You know when you’re watching a movie and a song comes on and there’s this moment of complete convergence, as if that song was written so many years ago but destined for this specific place in this film to make this moment of near-spiritual completion?
Susan Dolan is behind those moments.
For films, commercials, and TV. She’s Head of Music Supervision & Licensing over at HUM (peep their website, we did it) and she music supervised an indie film that premiered at Slamdance this past year, Hank and Asha.
Meet Susan, Our Fine Friend.
What is your Day in the Life?
My alarm clock is programmed to KUSC, the classical radio station. I get to HUM in Santa Monica by 9:30am, which is when we all sit down and talk about our projects for the day. From there on out, it’s music for breakfast, lunch and dinner. I’m under headphones most of the day but will emerge when I’m needed in the studio, or for a creative call or meeting. A few times a week, I’ll go see a band after work, usually at the Echo or somewhere on the east side. It’s a trek from Santa Monica, but I don’t mind so much because my car is where I do my best listening and catch up on new records. Or if my ears are really fatigued, I’ll listen to classical on a low volume. But never silence; that’s just creepy.
What’s on repeat on the Dolan playlist right now?
I’m still pretty addicted to that Chvrches album that came out. It’s like candy. I should probably cut myself off from it as I’ve been neglecting a lot of other records. But it’s hard; I’ve really let myself indulge in this one. There’s something nostalgic yet timeless about it.
What do you use as inspiration right now? Music or otherwise.
Anytime I see music work really well with picture, it’s inspiring. Or coming across an amazing song with cinematic qualities that conjure up great images, I’ll file away in a special playlist. Plus, we have a really great team at HUM right now. Scott Glenn has been Creative Director since January. We have a lot of passionate debates about music and movies, and we’re excited about building the company. We just renovated our space into a music venue and bar, and launched a new label called Nonchalant Records. It’s really motivating.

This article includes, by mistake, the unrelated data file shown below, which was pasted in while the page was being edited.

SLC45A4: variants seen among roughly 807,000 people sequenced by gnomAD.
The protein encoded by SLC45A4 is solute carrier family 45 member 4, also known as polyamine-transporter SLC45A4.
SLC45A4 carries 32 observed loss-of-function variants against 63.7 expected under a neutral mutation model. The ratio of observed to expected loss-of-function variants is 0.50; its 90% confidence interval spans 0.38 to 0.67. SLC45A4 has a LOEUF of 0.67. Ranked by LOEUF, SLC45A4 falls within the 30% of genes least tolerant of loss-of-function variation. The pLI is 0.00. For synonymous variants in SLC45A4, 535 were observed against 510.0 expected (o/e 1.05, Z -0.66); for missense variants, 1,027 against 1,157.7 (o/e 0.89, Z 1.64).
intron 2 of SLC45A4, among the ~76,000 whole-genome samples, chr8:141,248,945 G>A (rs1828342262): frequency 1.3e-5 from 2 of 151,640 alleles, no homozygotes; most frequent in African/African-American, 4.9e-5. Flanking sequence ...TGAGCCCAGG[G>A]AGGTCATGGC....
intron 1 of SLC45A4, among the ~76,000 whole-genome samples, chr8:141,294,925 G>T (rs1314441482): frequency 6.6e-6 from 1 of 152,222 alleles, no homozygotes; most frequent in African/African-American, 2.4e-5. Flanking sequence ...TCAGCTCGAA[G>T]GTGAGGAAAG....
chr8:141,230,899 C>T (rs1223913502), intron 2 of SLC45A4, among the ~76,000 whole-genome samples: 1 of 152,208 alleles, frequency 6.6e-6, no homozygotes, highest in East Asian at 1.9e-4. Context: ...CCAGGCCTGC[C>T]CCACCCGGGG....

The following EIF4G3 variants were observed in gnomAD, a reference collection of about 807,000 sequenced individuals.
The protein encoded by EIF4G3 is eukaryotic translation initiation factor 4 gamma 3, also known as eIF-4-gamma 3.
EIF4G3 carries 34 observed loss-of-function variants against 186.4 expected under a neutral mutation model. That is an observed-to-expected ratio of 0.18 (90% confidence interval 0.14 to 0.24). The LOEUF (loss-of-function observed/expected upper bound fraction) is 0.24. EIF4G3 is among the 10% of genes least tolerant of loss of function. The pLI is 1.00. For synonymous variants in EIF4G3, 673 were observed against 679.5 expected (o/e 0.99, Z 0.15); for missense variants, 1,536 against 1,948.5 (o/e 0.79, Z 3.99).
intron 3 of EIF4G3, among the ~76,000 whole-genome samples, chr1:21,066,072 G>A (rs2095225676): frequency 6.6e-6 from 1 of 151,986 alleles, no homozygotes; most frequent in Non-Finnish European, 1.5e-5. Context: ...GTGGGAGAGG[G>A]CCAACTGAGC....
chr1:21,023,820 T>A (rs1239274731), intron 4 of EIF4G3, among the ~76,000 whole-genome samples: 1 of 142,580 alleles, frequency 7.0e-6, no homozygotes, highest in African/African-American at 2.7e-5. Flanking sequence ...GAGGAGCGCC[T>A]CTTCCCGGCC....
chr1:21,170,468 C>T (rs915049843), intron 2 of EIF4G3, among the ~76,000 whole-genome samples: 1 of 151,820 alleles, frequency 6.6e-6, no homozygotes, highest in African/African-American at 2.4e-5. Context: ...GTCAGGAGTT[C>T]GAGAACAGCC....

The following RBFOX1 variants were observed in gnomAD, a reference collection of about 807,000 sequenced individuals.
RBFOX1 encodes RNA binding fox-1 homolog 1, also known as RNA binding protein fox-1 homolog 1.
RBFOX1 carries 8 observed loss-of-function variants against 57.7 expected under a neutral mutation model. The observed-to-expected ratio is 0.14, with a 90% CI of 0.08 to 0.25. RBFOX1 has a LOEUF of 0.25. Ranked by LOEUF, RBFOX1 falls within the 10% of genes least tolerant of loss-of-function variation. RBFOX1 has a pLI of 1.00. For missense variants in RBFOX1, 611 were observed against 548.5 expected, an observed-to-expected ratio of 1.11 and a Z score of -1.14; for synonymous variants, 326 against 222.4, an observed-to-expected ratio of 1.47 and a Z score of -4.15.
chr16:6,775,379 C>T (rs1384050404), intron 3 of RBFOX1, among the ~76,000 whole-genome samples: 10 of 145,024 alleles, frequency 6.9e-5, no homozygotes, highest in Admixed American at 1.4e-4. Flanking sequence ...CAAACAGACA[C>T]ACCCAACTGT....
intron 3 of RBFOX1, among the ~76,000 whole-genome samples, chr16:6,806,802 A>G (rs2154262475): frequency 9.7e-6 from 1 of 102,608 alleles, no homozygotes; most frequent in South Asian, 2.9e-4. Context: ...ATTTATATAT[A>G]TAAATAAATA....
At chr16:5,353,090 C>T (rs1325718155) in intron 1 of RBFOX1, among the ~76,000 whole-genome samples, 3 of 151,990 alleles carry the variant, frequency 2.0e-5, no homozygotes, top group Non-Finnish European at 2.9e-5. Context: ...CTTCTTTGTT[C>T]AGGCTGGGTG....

How do you know when the song clicks with the project?
You know the song is right when — combined with the picture — you get a heightened emotional response. That happened recently with a client. We were all sitting around in HUM’s studio trying a range of song ideas against the roughcut. It was a heartwarming, fuzzy-feeling kind of spot. One track just lined up so perfectly with the edit, with a beautiful chord change right where we wanted it. It was magic. All of us suddenly got watery eyes and a lump in the throat and were like, “Wait, let’s see that again!” After that, there was no question which track they were going with.
What types of distractions do you like to have around your workspace?
Sometimes I’ll be working on a research project with specific parameters, but I’ll come across something that reminds me of a song from my youth, which I have to listen to immediately. And that will make me think, “Oh yeah! What was that other song they did?,” and before I know it I’m totally off track and going down the music rabbit hole. Plus, HUM has a lot of great snacks in the kitchen.
Is there one piece of advice you wish you could give to a childhood you?
Well, when I was 15, music was much less accessible than it is now. Anything that came from the radio or MTV felt so far away. I wasn’t allowed to go to concerts. I felt pretty removed from anything remotely cool that happened in the world. The idea of working in music would have been delusional; it was out of my reach. Had I believed in it as a possibility, maybe I would have found myself in this career a little sooner. But would that have been better? Maybe not. I’m getting a little Tony Robbins here, but everything leading up to this point I apply to what I do today; I wouldn’t change anything about my career trajectory.